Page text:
Every financially responsible organization has a savings account to tap in case of emergencies. The State of New Hampshire, with an $11.7 billion budget, has one. It holds $9 million. That is about 60 percent of what the state spends per day.
The last state budget produced a surplus, most of which was spent in the current budget. A little more than $15 million is left over. A bill before the House of Representatives today, House Bill 1411, would spend $7 million of that remainder on the Department of Health and Human Services and devote the other $8.3 million to the state’s savings account, called the rainy day fund. House Democrats argue that HHS needs the money to provide services to needy people.
There is no doubt that HHS could easily find people who would benefit from that $7 million. But the same can be said for the $8.3 million Democrats want to put away. If it is heartless to save the $7 million, which will fund only a portion of the shortfall HHS says it labors under this year, then it is equally heartless to save the remaining $8.3 million. Why not spend it all?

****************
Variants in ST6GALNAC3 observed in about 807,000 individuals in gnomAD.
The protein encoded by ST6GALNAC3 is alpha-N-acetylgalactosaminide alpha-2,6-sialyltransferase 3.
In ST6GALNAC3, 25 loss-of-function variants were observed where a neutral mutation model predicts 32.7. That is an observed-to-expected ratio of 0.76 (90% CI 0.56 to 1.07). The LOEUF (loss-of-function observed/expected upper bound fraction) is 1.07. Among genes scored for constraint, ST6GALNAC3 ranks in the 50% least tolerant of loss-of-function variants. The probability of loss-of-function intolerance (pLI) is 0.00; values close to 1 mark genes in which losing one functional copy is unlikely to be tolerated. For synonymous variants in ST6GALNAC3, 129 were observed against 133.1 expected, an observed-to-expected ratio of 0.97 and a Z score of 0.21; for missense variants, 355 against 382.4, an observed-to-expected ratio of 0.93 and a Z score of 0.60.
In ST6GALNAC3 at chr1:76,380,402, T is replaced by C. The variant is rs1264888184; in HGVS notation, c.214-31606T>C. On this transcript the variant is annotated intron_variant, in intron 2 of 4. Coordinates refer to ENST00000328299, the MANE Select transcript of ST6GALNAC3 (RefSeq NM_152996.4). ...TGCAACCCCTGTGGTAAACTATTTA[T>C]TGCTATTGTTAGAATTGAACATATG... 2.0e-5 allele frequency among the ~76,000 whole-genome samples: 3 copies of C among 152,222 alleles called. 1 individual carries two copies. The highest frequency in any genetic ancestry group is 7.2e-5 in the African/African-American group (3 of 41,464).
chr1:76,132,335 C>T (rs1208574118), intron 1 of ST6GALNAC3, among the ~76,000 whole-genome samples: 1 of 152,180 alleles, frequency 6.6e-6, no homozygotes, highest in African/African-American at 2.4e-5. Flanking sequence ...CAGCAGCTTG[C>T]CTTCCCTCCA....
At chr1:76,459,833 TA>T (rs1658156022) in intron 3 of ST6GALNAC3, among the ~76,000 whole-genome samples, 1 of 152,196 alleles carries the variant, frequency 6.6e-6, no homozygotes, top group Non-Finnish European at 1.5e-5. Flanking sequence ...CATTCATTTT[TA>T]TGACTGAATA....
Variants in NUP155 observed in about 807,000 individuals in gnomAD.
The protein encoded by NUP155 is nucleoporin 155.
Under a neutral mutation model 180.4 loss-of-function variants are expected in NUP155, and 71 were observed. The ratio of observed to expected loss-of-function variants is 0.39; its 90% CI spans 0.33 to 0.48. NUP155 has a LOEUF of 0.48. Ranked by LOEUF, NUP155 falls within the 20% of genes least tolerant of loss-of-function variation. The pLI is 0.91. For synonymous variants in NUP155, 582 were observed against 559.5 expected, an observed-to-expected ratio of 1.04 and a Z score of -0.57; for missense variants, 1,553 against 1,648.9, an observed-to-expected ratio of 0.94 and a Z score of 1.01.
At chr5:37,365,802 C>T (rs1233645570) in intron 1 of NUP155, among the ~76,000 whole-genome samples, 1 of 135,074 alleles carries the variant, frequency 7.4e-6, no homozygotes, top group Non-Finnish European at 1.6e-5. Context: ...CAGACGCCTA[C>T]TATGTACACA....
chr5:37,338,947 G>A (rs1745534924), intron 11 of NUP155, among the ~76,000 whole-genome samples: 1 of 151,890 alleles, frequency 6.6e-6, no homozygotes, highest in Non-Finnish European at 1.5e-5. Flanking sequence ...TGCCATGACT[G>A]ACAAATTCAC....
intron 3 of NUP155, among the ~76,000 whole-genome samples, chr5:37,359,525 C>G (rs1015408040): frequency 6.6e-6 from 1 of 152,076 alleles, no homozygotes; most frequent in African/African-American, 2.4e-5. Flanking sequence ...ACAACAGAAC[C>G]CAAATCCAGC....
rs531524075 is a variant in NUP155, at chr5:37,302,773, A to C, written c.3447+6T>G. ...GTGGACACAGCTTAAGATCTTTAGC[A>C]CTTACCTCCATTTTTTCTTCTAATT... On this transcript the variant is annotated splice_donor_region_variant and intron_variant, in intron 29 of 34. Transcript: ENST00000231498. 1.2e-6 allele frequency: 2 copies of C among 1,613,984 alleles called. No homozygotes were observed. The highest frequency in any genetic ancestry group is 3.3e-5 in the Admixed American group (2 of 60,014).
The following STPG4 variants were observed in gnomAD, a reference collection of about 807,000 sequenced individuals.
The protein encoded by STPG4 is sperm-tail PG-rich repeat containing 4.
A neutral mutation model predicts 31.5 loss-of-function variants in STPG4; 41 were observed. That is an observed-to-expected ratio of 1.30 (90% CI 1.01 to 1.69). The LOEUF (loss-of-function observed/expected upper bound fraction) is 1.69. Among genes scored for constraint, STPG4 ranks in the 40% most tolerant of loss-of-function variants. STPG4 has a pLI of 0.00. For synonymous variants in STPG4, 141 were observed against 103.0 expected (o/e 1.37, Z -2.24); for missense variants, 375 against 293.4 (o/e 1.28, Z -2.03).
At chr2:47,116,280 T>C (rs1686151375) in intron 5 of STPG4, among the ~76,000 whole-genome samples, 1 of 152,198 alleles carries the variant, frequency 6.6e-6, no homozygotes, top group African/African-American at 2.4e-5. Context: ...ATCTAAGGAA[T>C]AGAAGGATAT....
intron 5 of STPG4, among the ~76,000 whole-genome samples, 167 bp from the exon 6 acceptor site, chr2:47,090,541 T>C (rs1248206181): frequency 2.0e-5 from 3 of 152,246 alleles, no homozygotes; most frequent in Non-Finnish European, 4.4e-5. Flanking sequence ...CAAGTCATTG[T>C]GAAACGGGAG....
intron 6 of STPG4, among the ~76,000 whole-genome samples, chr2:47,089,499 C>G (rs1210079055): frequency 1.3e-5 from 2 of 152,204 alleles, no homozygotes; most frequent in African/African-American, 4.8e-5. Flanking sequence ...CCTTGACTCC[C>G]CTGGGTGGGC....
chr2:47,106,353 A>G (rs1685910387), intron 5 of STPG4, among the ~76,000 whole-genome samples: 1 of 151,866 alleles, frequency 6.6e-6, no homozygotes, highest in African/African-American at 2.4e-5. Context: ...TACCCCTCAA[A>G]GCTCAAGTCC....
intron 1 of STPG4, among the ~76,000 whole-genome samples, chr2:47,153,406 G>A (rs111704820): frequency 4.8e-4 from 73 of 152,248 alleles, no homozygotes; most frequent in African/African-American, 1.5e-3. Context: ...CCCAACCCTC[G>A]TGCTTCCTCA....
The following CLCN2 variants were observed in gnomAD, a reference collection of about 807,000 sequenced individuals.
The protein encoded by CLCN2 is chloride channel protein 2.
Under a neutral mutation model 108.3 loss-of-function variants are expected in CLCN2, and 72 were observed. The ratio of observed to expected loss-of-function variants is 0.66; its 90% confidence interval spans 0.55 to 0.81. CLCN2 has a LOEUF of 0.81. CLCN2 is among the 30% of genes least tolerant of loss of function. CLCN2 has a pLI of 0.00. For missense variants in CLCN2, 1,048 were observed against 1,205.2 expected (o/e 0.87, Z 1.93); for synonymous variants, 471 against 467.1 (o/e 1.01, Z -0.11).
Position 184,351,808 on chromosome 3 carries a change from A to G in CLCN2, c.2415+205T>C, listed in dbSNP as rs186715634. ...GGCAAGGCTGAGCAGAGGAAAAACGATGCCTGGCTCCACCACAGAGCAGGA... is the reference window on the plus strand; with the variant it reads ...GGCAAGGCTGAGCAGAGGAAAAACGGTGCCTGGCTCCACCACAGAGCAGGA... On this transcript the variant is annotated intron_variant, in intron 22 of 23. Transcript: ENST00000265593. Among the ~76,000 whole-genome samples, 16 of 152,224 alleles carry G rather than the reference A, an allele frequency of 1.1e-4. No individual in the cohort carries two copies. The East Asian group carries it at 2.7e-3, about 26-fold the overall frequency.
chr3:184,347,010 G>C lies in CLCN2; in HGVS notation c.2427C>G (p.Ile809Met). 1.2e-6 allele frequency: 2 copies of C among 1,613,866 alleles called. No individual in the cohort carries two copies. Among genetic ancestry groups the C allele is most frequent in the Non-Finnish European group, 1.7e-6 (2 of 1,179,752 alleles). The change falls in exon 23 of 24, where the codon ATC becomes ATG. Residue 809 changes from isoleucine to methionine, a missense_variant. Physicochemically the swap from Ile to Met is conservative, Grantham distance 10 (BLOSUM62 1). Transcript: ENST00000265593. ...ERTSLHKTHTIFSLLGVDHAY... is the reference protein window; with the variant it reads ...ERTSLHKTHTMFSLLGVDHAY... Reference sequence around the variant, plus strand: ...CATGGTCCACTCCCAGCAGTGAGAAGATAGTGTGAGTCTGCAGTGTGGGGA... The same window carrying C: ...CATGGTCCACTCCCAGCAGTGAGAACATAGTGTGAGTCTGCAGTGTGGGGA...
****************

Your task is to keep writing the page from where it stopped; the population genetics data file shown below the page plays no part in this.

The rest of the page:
Because the state’s rainy day fund is desperately low. State Treasurer Catherine Provencher says the fund should hold no less than $70 million. Adding $8.3 million will not even double the state’s paltry savings, which are so low because legislators of both parties have repeatedly suspended the state law requiring that surpluses be saved.
A financially responsible Legislature would lead with its head, not its heart, and save the entire $15.3 million.